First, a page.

I mostly bought these books out of excitement to start planning and anxiety over having no idea where to start. I don’t think either were absolutely necessary to purchase, so if your budget is so tight that $20 makes a difference, grab a cheap composition notebook from Walmart and find this information yourself online. I abandoned them after reading the tips and creating my own spreadsheets and journal.

The most valuable resource I’ve used so far has been the r/weddingplanning subreddit, as well as the r/weddingsunder10k subreddit. It’s an incredible wealth of knowledge from a variety of people, including some wedding professionals that will chime in to answer questions. I absolutely recommend checking out all of the Weddit communities.

Budget, guest list, and expectations

We didn’t jump into hardcore wedding planning right away, but we did have conversations about what we each wanted and expected. This is when we decided on Summer 2024 to give us time to breathe. We made a list of our expected guests and broke it into A and B lists, determining that we were expecting 120 guests. I showed my fiance how much I had saved, and we discussed how much we could realistically save in time for summer 2024. Our budget is currently set at $25k, with a $5k cushion, by which I mean we’ve agreed on a plan to save $30k by July 2024 but are aiming for $25k in our planning process. I know unexpected items will crop up, and I don’t want to be stuck if we go over budget!

That’s a massive amount of money for us. We’ll have it in our accounts and won’t be going into debt, but it still hurts to fork over that kind of cash for one day. We both want a big party, though, and for what we want it’s not realistic to go lower.

Set up a wedding-specific email address!

Before you go any further with your planning, create a wedding-specific email address. We mashed up our two last names and the word “wedding” at You’re about to become inundated with spam from the wedding world–everyone will send marketing emails galore to try to sell you more and more. A wedding-specific email address keeps all that junk in one place, all your important contracts and contacts in one inbox, and allows both halves of the couple to access and respond to correspondence. When my wedding is over, I’ll be closing this email and won’t have to see the spam ever again.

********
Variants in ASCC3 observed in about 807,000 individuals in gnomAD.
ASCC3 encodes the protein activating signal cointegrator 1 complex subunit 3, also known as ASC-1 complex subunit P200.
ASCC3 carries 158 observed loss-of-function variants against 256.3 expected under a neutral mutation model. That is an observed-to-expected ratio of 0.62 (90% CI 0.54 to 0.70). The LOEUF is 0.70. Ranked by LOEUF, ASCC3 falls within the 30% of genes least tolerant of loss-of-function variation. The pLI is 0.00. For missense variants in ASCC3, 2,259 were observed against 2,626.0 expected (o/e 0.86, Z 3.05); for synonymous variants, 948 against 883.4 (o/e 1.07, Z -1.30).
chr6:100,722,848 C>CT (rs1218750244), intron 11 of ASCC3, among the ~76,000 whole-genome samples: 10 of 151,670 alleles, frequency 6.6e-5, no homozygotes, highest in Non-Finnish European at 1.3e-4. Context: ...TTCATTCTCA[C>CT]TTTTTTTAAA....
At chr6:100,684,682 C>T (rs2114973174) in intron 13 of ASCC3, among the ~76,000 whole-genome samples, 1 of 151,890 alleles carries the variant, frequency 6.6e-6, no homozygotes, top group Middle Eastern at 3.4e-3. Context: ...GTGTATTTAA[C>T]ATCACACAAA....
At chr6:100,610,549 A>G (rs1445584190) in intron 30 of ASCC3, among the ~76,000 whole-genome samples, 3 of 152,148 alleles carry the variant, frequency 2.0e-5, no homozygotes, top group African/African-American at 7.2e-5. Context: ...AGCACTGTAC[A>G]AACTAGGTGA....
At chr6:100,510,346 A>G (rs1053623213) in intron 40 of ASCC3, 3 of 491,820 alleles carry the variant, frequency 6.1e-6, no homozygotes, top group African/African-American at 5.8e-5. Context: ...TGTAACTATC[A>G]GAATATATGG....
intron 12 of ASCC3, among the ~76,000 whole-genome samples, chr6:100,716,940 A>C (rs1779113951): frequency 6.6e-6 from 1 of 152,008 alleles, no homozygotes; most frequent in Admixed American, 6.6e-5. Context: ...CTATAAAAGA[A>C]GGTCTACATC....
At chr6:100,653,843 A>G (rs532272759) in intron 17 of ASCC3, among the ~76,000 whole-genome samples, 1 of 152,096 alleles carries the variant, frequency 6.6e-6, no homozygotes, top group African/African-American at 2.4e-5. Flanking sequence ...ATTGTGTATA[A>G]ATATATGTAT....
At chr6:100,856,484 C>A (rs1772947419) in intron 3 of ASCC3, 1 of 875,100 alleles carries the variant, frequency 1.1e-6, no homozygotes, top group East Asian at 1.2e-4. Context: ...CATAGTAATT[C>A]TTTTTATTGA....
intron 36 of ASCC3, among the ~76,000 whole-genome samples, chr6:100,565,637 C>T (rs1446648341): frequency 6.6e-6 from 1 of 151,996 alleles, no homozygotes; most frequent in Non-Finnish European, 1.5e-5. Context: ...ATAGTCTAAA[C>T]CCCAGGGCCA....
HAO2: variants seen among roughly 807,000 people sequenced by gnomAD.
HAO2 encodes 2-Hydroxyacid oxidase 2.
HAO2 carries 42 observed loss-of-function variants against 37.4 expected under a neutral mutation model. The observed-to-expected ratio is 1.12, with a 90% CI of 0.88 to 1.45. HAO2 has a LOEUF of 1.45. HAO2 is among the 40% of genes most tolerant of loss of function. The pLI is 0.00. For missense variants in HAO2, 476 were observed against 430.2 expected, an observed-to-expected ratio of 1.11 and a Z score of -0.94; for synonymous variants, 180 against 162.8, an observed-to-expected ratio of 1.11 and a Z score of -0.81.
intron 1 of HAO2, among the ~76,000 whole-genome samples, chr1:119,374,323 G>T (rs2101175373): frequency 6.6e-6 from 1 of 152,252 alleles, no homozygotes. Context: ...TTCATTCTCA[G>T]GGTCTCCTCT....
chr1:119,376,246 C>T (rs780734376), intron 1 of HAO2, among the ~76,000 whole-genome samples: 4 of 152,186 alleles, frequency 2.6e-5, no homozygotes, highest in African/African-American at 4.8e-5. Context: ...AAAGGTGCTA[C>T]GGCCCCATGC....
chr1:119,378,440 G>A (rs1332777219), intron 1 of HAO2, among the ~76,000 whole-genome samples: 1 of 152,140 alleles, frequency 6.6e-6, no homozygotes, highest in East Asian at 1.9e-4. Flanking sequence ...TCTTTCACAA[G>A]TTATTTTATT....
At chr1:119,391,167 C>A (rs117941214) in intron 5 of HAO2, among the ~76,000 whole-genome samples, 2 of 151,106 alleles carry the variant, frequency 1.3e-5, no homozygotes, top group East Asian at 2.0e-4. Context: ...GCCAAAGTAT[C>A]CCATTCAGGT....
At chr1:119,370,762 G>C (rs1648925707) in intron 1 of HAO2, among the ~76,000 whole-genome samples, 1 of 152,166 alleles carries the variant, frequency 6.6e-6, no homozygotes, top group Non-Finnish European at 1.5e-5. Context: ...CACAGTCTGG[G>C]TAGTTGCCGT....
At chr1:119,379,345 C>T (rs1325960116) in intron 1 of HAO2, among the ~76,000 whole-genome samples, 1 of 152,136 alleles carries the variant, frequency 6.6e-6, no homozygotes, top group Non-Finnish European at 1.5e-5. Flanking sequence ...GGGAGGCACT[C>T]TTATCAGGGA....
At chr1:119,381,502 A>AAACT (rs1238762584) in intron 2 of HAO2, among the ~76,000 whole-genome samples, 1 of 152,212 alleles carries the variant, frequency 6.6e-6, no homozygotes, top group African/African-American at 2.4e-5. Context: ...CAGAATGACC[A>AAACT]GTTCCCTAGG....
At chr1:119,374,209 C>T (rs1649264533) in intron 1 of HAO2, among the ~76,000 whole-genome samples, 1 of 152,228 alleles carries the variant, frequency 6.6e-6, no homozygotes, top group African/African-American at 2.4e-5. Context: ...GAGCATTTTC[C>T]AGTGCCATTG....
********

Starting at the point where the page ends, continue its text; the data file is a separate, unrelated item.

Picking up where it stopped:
This tip is especially important if you plan on attending any bridal shows.

Choosing a wedding website

There are tons of options out there for wedding websites. If you’ve been to a wedding in the past ten years, you’re probably familiar with a few of the big-name ones. It all comes down to personal preference and what you want to get out of it.

Since many of the popular wedding websites are free, I signed up for a couple (using my wedding-specific email address) to get a feel for each of them. I tried The Knot, Zola, and Joy, but eventually chose Joy for my public website.

I chose Joy because it’s the only no-fee cash fund, and I liked the guest list and built-in RSVP features.

Cons: There are no “group gifts” in their built-in registry. I’m less inclined to register for items that are more expensive if multiple guests can’t (easily) chip in together–like a $1000+ Miele vacuum that I really want but would never buy myself. Reordering items on the registry is also difficult–you have to manually drag the item to where you want it, compared to Amazon’s “move to top” and “most wanted” features. The other con is that I can’t find a drag-and-drop way to reorder my guest list.


I got so stressed out looking for venues. We live in upstate New York, which is where everyone from NYC goes to get married. Venues in the Hudson Valley are extremely expensive to begin with, and then they add a 22% wedding tax on top of that. I’m still not sure what the wedding tax is for other than “because we can”. It’s not a state tax, it’s not a service charge that would take the place of tips, it’s just “standard”. I got so grossed out by all the shady venues being cagey with their prices. I made a huge spreadsheet to price out the hidden fees, wedding taxes, state taxes, and expected tips, and when all was said and done, you could expect the cost to be double what the venue advertised. Not to mention how I had to pull teeth to get a baseline cost in the first place!